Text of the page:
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A Fuse #8 Production
Inside A Fuse #8 Production

Highlights Magazine, Boyds Mills Press, and How Not to be Eaten by a Bear

highlights Highlights Magazine, Boyds Mills Press, and How Not to be Eaten by a BearPlease select the correct answer from below as it applies to the following sentence:

Highlights Magazine . . .

(A) Still exists and is popular (and not just in dentist offices either)

(B) Owns the publisher Boyds Mills Press

(C) Sponsors writing retreats and cool projects

(D) Should totally publish a Goofus and Gallant book.

If you answered “all of the above” you’d be correct (always assuming that you knew you could choose more than one option).

Recently I was given an offer I couldn’t refuse.  Carolyn Yoder, editor of Calkins Creek Books, basically gave me a chance to exchange a night in my grimy city for a night in the Poconos instead.  You see Boyds Mills Press (Calkins Creek Books is one of its imprints) runs a few writing workshops in Honesdale, Pennsylvania for the Highlights Foundation (a bit more info here, if you’re interested).  So it was that I was invited to speak as an invited guest for a night at a week-long writer’s retreat for seasoned children’s authors, most working in the field of non-fiction. I would get to talk about whatever I wanted.  They would feed me good food.  I’d get my very own cabin (woot!).  And best of all they’d pick me up from work and drop me off at work so that all I’d have to do was sit in a car for two and a half hours each way.

Yeah.  So basically I jumped all over that offer.  Next thing I knew I was in a car with a huge Suzanne Bloom decal on the side (think A Splendid Friend Indeed) which was fantastic.  Children’s literature cars are the best (I’m adding this one to the list that includes The Knight Bus, the Wimpy Kid ice cream trucks, and the Eric Carle Museum bug).  And that night I talked for long periods of time on topics that I can handle (read: not football).

But the most interesting part of all this was getting a glimpse into the inner sanctum of Highlights Magazine.  I wasn’t a subscriber as a kid (I had Owl Magazine and that was pretty much it) but I still knew what Highlights was.  Who didn’t?  If you were a child it was fairly ubiquitous.  As it happens, Highlights has been around for over a whopping 60 years, and has pretty much been kept within the same family all that time.  In fact, I saw a framed copy of the original June 1946 edition of Highlights that began everything.  The mag was begun by Garry Cleveland Myers and Caroline Clark Myers and the retreat I attended was actually held around the Myers’ own house.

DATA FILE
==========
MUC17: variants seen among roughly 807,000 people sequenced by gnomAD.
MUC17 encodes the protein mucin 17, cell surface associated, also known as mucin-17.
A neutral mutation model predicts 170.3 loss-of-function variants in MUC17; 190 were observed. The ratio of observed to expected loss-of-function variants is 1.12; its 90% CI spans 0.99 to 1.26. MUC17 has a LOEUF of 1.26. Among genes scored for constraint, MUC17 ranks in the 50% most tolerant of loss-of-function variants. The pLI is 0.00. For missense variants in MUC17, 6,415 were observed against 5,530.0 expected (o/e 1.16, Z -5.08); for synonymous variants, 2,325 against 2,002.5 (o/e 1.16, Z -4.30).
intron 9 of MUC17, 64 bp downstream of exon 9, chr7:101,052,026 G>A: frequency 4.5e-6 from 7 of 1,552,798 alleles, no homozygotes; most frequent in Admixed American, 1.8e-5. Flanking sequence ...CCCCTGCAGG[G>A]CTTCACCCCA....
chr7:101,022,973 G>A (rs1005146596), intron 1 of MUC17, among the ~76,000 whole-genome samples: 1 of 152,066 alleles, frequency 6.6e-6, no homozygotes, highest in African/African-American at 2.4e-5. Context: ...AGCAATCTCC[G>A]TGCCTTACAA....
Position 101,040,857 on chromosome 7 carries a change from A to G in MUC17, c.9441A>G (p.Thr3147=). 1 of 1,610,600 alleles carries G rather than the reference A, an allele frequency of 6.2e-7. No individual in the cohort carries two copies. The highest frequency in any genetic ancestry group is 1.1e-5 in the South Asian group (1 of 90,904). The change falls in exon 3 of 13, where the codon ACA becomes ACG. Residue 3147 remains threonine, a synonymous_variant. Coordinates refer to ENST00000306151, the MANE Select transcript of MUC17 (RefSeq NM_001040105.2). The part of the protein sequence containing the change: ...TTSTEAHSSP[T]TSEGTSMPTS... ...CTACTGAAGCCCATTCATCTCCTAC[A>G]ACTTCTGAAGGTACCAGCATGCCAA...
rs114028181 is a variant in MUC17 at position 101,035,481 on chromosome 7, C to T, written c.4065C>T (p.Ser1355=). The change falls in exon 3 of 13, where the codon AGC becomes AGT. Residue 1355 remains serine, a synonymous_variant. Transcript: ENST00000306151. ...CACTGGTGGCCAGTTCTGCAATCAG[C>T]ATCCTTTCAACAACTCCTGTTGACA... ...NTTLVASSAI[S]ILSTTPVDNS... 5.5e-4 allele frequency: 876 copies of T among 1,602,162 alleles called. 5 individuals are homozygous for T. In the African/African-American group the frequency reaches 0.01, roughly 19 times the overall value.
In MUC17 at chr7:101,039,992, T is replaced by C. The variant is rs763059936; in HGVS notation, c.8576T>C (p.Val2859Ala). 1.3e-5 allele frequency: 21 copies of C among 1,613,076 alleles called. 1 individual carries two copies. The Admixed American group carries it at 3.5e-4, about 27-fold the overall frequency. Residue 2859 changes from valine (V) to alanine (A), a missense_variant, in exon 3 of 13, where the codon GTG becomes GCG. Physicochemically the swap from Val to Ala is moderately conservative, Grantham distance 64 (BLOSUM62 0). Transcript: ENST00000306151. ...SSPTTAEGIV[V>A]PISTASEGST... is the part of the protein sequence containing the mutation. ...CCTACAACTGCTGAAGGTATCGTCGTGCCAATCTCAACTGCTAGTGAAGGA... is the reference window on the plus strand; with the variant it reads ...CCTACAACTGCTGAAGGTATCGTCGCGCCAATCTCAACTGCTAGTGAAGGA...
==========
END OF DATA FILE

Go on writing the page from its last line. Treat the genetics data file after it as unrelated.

boydsmillspress Highlights Magazine, Boyds Mills Press, and How Not to be Eaten by a BearThe crazy part for me is that I had no idea that Highlights owned Boyds Mills Press.  This isn’t entirely my fault since the publisher doesn’t exactly stamp a huge HIGHLIGHTS sticker on the front of every book.  I’m sure you’re familiar with Boyds Mills.  Even if that name doesn’t ring a bell, imprints Calkins Creek, Front Street, Lemniscaat, and Wordsong might.  By the way, as a nice additional note to our recent discussion about whether or not ALA should create a children’s poetry award, Wordsong is the sole poetry-only imprint in the United States.  Interesting, no?

At any rate, I had just a great time.  If I were a non-fiction writer, I’d certainly try to weasel my way into this retreat as well.  Good food and your own cabin to write in (with Wi-Fi but no cell phone service).  Heaven.  Admittedly, there are bears, but if you don’t go walking about at night draped in bacon you should be okay.

Thanks then to Carolyn Yoder and the good people of Boyds Mills Press / Highlights.  Now about that Goofus and Gallant book I wanna see published . . .

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Elizabeth Bird About Elizabeth Bird